The good news for Spain this week is that at least one of its 17 regions – Andalucia – is proving capable of revising its constitution on the basis of all-party support, both local and national. Here in Galicia, though, the attitude ahead of our own negotiation appears to be that nothing less than what was granted to Catalunia will be acceptable. But then we have a ‘nationalist’ party in the governing coalition, wagging the tail of the socialist dog.
Meanwhile, up in said Catalunia, the unedifying ‘dance’ of the local politicians continues, as they each manoeuvre for maximum political leverage in whatever form of coalition government emerges from the post-election miasma. I can’t vouch for the accuracy of this but it seems the most-courted man in Barcelona today is the president of ERC, a left-wing, nationalist party. As he was considered something of a loose cannon in the last (tripartite) government, one is reminded once again of how politics ‘makes for strange bedfellows’.
Talking of dancing, I chanced again tonight on the Spanish version of the BBC’s Celebrity Come Dancing. As before, I was struck at just how much talking and showboating goes on, in contrast to the small amount of [rather poor quality] dancing. No wonder the show lasts for hours. One of the contestants in this series is the granddaughter of Franco, who years ago married into French nobility. Claiming that, through her well-paid antics, she has besmirched the family name[!], her son, the Duke of Anjou, has disowned her. You couldn’t make it up.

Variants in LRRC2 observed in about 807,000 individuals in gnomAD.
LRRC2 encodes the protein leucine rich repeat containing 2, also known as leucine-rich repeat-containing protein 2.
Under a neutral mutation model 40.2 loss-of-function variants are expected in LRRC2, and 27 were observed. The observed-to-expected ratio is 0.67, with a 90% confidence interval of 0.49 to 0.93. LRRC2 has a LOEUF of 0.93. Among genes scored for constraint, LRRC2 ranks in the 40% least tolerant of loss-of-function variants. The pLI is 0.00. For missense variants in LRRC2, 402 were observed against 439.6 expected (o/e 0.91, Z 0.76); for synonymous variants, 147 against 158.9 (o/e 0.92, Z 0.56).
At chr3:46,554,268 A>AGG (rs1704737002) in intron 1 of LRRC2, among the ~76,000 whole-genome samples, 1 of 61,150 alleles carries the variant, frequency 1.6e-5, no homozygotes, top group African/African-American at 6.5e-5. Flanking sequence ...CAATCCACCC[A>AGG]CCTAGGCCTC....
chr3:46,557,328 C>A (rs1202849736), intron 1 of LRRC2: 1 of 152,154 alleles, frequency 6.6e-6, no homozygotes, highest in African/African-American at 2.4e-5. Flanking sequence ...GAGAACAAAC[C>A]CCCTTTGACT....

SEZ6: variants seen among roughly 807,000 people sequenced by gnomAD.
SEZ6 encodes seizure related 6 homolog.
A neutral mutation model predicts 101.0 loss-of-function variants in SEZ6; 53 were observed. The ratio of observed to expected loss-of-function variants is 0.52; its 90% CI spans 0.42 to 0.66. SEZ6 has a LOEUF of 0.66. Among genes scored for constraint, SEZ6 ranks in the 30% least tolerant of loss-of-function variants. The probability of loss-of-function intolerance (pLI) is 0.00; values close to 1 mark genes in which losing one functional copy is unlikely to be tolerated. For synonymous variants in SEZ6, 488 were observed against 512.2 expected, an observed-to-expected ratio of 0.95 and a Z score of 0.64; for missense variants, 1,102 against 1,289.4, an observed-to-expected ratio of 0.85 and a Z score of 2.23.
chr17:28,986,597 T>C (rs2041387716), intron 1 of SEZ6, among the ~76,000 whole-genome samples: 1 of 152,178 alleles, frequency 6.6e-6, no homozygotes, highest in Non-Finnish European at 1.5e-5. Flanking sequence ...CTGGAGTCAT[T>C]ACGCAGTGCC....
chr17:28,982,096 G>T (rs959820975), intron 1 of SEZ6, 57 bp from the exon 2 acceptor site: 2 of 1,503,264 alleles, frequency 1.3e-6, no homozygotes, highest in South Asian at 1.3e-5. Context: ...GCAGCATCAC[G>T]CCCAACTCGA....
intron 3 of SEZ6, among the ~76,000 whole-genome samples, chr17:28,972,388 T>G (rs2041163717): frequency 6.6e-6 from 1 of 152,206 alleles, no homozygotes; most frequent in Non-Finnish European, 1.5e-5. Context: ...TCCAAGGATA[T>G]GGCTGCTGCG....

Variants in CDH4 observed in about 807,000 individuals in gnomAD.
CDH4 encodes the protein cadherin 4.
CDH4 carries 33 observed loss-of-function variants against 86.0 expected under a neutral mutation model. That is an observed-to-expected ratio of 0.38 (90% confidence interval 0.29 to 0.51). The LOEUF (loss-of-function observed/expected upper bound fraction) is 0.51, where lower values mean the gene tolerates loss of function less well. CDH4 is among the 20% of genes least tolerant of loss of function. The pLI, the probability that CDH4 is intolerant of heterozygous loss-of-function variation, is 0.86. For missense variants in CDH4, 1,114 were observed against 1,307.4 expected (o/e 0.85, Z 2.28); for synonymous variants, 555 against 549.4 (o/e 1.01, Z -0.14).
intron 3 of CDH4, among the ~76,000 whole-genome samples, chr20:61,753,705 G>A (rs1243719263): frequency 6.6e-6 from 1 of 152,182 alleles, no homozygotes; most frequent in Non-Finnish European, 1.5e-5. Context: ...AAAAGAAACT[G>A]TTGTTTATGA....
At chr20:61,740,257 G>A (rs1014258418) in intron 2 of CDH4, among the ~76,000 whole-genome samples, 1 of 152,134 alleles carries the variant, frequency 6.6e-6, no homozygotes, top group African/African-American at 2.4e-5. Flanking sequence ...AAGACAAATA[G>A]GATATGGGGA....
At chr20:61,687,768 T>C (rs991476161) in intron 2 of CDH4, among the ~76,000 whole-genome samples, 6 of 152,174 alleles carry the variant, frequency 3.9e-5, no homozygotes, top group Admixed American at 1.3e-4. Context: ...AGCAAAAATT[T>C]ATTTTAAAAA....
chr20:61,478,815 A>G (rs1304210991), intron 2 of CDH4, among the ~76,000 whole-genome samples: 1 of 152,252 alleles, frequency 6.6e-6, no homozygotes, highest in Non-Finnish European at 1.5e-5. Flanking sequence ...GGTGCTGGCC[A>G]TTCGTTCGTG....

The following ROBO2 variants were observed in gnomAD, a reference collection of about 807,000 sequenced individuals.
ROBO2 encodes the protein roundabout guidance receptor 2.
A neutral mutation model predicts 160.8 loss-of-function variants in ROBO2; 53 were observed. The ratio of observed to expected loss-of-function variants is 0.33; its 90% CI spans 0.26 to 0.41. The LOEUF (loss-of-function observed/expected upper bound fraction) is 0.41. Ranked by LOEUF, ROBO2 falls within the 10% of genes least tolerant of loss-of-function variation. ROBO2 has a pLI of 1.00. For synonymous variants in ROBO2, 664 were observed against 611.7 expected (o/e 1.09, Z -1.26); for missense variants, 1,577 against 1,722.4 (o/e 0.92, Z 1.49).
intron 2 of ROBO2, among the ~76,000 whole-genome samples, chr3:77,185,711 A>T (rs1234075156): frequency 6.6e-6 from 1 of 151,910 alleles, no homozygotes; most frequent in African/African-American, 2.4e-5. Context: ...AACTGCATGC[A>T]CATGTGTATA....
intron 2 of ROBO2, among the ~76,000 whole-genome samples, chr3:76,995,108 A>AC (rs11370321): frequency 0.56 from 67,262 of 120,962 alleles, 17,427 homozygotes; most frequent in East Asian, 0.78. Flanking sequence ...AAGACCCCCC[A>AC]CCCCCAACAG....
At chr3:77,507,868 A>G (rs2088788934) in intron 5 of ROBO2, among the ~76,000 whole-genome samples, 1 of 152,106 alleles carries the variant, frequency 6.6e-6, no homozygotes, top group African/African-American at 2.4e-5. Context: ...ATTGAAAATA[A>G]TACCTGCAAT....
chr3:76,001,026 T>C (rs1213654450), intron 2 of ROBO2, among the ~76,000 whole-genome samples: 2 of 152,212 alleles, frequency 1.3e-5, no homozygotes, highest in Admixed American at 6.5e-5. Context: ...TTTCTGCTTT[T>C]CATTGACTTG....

The residents of Ferrol and Ourense are the biggest consumers of water in the region, at 177 and 166 litres a day, respectively. The national average – in this dry country - is 171, compared with around 145 in the UK. The lowest consumers are the good people of Santiago, who only get through 100 litres a day.
It’s good to see the ‘farming’ of horses in the mountains of Galicia is on the increase. It’s less good to know most of these creatures are destined for the tables of restaurants in France and Italy. It seems their diet of gorse gives their meat the edge over grass eaters. The positive news is that, en route to the kitchen, the horses devour the undergrowth that is such a factor in the rapid spread of forest fires. Bring on the empty horses!